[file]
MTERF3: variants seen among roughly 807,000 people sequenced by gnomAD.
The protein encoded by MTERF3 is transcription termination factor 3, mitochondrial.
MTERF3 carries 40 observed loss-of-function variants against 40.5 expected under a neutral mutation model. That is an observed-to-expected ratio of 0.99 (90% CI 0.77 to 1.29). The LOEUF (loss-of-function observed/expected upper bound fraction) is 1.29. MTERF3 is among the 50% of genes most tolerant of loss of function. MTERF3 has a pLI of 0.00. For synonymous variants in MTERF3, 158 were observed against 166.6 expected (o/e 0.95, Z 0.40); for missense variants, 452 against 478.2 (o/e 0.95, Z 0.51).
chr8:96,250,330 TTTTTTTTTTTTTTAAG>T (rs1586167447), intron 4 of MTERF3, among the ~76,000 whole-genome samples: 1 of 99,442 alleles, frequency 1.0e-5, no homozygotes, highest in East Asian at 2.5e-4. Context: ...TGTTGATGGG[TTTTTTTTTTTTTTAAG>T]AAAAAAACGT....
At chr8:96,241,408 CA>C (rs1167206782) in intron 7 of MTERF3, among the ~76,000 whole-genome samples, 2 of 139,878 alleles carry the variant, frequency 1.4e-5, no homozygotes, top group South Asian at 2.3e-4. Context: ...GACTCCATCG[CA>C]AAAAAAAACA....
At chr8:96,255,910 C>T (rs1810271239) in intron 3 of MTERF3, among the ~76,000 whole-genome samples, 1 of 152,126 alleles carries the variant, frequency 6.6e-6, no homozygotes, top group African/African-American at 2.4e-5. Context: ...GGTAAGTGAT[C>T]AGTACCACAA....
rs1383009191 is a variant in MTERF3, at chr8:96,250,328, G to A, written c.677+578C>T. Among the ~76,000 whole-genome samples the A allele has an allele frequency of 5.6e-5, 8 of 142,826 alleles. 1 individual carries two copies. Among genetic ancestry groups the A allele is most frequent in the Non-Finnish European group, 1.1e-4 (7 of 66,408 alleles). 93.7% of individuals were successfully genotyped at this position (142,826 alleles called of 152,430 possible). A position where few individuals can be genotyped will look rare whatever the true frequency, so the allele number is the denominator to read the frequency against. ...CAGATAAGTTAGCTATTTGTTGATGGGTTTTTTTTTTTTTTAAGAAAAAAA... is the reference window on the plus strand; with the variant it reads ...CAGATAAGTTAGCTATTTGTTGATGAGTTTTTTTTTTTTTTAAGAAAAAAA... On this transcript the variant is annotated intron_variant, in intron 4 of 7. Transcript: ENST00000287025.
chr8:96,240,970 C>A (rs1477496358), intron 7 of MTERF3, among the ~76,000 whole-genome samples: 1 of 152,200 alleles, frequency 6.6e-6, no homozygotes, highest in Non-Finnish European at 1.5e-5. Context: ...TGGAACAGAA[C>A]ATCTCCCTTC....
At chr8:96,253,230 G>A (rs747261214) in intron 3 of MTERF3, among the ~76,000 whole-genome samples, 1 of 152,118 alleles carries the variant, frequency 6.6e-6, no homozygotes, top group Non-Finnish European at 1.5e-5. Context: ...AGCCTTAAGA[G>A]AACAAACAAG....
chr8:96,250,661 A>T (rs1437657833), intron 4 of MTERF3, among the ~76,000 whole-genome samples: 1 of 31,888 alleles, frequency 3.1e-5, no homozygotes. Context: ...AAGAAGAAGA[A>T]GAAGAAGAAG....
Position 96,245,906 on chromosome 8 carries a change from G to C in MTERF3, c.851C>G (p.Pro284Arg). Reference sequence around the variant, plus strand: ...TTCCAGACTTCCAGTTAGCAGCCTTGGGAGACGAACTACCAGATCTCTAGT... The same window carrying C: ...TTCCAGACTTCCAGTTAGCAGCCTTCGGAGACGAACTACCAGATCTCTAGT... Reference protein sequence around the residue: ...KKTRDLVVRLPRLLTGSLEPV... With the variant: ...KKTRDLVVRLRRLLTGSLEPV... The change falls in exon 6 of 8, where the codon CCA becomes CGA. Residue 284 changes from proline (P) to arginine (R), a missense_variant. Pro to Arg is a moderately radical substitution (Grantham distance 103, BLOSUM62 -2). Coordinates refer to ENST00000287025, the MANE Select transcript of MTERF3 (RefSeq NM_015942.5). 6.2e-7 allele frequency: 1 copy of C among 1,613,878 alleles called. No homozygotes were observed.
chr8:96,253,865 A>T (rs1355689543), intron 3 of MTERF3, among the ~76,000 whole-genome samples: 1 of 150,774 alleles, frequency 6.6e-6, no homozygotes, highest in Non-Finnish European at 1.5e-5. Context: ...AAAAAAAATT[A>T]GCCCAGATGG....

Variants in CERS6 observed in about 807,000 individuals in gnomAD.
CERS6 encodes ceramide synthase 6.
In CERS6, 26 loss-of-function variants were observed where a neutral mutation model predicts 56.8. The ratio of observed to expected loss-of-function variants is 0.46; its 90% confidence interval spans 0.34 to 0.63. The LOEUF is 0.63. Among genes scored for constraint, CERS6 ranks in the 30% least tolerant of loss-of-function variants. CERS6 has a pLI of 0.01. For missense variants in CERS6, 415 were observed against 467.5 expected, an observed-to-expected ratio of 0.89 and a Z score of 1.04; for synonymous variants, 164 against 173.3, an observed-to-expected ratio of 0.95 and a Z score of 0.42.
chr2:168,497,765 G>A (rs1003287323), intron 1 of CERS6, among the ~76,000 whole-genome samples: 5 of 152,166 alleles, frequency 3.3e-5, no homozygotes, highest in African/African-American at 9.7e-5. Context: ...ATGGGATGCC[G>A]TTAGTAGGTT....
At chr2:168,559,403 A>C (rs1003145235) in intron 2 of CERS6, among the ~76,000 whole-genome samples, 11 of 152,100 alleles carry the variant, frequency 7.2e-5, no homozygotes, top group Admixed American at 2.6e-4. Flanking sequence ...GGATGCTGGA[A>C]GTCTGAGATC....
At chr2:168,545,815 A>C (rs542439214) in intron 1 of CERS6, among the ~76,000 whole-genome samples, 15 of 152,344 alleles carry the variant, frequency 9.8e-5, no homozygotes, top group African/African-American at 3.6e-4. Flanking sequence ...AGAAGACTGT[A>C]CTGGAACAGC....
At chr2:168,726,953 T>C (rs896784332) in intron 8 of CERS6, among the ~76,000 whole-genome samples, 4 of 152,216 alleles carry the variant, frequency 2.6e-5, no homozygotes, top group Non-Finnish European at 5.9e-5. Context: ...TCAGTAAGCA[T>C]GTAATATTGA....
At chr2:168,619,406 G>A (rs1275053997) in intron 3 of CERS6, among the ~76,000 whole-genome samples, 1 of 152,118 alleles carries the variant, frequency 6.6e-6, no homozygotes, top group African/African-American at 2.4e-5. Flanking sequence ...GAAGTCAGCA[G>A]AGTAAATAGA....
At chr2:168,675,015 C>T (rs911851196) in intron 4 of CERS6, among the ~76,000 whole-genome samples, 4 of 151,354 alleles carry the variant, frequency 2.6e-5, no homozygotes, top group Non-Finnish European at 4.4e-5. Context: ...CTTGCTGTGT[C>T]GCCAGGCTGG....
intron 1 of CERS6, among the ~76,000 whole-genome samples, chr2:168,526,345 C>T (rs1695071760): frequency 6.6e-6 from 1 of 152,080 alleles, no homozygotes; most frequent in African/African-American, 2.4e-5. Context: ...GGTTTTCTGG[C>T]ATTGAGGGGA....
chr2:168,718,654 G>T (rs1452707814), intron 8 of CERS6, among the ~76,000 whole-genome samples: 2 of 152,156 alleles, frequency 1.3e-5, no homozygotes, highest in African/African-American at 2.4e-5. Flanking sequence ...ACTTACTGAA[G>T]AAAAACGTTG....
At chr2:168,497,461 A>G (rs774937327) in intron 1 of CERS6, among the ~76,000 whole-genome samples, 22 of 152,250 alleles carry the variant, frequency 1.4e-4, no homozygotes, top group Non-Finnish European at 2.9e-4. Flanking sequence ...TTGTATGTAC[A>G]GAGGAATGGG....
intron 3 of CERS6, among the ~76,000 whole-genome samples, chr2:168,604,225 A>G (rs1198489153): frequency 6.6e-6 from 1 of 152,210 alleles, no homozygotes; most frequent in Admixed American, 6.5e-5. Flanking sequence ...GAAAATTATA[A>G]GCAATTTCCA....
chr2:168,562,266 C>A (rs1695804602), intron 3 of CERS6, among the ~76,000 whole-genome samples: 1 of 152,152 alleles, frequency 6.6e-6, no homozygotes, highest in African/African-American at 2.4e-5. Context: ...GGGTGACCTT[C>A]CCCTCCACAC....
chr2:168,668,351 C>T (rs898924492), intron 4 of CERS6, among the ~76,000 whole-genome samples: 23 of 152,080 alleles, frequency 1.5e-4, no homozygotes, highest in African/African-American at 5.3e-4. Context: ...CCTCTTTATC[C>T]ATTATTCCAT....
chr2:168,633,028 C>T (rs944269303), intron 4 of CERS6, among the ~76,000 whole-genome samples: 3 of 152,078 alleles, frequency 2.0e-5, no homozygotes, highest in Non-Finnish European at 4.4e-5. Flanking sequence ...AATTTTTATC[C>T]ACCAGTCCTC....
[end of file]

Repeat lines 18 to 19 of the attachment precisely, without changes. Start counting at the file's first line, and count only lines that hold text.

At chr2:168,545,815 A>C (rs542439214) in intron 1 of CERS6, among the ~76,000 whole-genome samples, 15 of 152,344 alleles carry the variant, frequency 9.8e-5, no homozygotes, top group African/African-American at 3.6e-4. Flanking sequence ...AGAAGACTGT[A>C]CTGGAACAGC....
At chr2:168,726,953 T>C (rs896784332) in intron 8 of CERS6, among the ~76,000 whole-genome samples, 4 of 152,216 alleles carry the variant, frequency 2.6e-5, no homozygotes, top group Non-Finnish European at 5.9e-5. Context: ...TCAGTAAGCA[T>C]GTAATATTGA....